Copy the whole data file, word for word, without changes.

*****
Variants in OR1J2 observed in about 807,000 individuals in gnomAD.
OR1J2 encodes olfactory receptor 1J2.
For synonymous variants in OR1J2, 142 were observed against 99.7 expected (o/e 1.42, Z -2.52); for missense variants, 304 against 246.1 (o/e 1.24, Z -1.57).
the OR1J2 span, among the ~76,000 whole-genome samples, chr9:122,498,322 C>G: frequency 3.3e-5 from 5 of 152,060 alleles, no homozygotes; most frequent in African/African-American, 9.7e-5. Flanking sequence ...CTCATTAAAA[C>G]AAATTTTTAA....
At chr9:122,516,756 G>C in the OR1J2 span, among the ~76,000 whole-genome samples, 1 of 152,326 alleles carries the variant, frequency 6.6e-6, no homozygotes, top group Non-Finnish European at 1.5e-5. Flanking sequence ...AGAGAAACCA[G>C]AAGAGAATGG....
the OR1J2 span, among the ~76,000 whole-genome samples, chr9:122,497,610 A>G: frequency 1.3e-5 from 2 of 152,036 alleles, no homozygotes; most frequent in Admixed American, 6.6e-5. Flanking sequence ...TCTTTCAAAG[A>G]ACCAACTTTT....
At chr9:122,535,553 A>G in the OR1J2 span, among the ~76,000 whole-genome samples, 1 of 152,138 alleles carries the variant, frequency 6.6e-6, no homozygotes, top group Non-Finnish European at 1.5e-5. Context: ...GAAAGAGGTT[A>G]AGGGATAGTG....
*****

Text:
Variants in OR1J2 observed in about 807,000 individuals in gnomAD.
OR1J2 encodes olfactory receptor 1J2.
For synonymous variants in OR1J2, 142 were observed against 99.7 expected (o/e 1.42, Z -2.52); for missense variants, 304 against 246.1 (o/e 1.24, Z -1.57).
the OR1J2 span, among the ~76,000 whole-genome samples, chr9:122,498,322 C>G: frequency 3.3e-5 from 5 of 152,060 alleles, no homozygotes; most frequent in African/African-American, 9.7e-5. Flanking sequence ...CTCATTAAAA[C>G]AAATTTTTAA....
At chr9:122,516,756 G>C in the OR1J2 span, among the ~76,000 whole-genome samples, 1 of 152,326 alleles carries the variant, frequency 6.6e-6, no homozygotes, top group Non-Finnish European at 1.5e-5. Flanking sequence ...AGAGAAACCA[G>C]AAGAGAATGG....
the OR1J2 span, among the ~76,000 whole-genome samples, chr9:122,497,610 A>G: frequency 1.3e-5 from 2 of 152,036 alleles, no homozygotes; most frequent in Admixed American, 6.6e-5. Flanking sequence ...TCTTTCAAAG[A>G]ACCAACTTTT....
At chr9:122,535,553 A>G in the OR1J2 span, among the ~76,000 whole-genome samples, 1 of 152,138 alleles carries the variant, frequency 6.6e-6, no homozygotes, top group Non-Finnish European at 1.5e-5. Context: ...GAAAGAGGTT[A>G]AGGGATAGTG....